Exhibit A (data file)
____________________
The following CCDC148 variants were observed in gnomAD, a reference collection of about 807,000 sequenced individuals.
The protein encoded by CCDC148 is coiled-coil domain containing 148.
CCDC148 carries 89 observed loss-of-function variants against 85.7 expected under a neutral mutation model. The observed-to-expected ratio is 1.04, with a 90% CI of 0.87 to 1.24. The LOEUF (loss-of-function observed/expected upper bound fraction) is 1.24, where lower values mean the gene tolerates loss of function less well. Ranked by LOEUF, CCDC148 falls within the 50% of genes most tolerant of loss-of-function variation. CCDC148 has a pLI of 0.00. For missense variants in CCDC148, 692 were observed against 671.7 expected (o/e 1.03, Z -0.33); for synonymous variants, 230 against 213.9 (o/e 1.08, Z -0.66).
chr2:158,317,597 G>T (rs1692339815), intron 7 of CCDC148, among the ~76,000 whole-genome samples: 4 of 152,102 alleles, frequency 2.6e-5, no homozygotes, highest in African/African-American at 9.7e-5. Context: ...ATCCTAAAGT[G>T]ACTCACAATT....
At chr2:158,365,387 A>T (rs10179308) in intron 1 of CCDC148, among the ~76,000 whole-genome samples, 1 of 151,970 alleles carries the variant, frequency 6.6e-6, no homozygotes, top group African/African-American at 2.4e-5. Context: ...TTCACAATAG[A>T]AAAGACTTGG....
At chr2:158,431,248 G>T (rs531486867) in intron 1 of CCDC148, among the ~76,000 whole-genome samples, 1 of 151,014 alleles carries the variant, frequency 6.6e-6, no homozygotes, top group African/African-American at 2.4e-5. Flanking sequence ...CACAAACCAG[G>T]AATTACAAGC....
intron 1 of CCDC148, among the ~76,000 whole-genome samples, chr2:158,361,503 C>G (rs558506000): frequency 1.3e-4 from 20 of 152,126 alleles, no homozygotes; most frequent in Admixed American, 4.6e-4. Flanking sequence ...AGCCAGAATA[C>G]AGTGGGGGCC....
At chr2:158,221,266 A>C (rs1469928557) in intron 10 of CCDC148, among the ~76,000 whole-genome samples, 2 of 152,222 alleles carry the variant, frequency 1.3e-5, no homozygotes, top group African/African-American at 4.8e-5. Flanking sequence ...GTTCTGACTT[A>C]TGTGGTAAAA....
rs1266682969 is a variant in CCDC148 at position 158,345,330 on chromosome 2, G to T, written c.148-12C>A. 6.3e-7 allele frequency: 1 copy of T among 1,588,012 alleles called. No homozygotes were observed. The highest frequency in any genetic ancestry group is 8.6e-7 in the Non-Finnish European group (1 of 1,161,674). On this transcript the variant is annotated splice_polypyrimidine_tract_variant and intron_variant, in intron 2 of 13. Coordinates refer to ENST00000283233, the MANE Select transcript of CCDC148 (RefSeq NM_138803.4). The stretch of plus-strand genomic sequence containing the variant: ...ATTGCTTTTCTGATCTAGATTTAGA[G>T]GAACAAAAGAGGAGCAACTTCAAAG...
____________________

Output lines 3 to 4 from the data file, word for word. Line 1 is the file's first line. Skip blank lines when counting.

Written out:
CCDC148 carries 89 observed loss-of-function variants against 85.7 expected under a neutral mutation model. The observed-to-expected ratio is 1.04, with a 90% CI of 0.87 to 1.24. The LOEUF (loss-of-function observed/expected upper bound fraction) is 1.24, where lower values mean the gene tolerates loss of function less well. Ranked by LOEUF, CCDC148 falls within the 50% of genes most tolerant of loss-of-function variation. CCDC148 has a pLI of 0.00. For missense variants in CCDC148, 692 were observed against 671.7 expected (o/e 1.03, Z -0.33); for synonymous variants, 230 against 213.9 (o/e 1.08, Z -0.66).
chr2:158,317,597 G>T (rs1692339815), intron 7 of CCDC148, among the ~76,000 whole-genome samples: 4 of 152,102 alleles, frequency 2.6e-5, no homozygotes, highest in African/African-American at 9.7e-5. Context: ...ATCCTAAAGT[G>T]ACTCACAATT....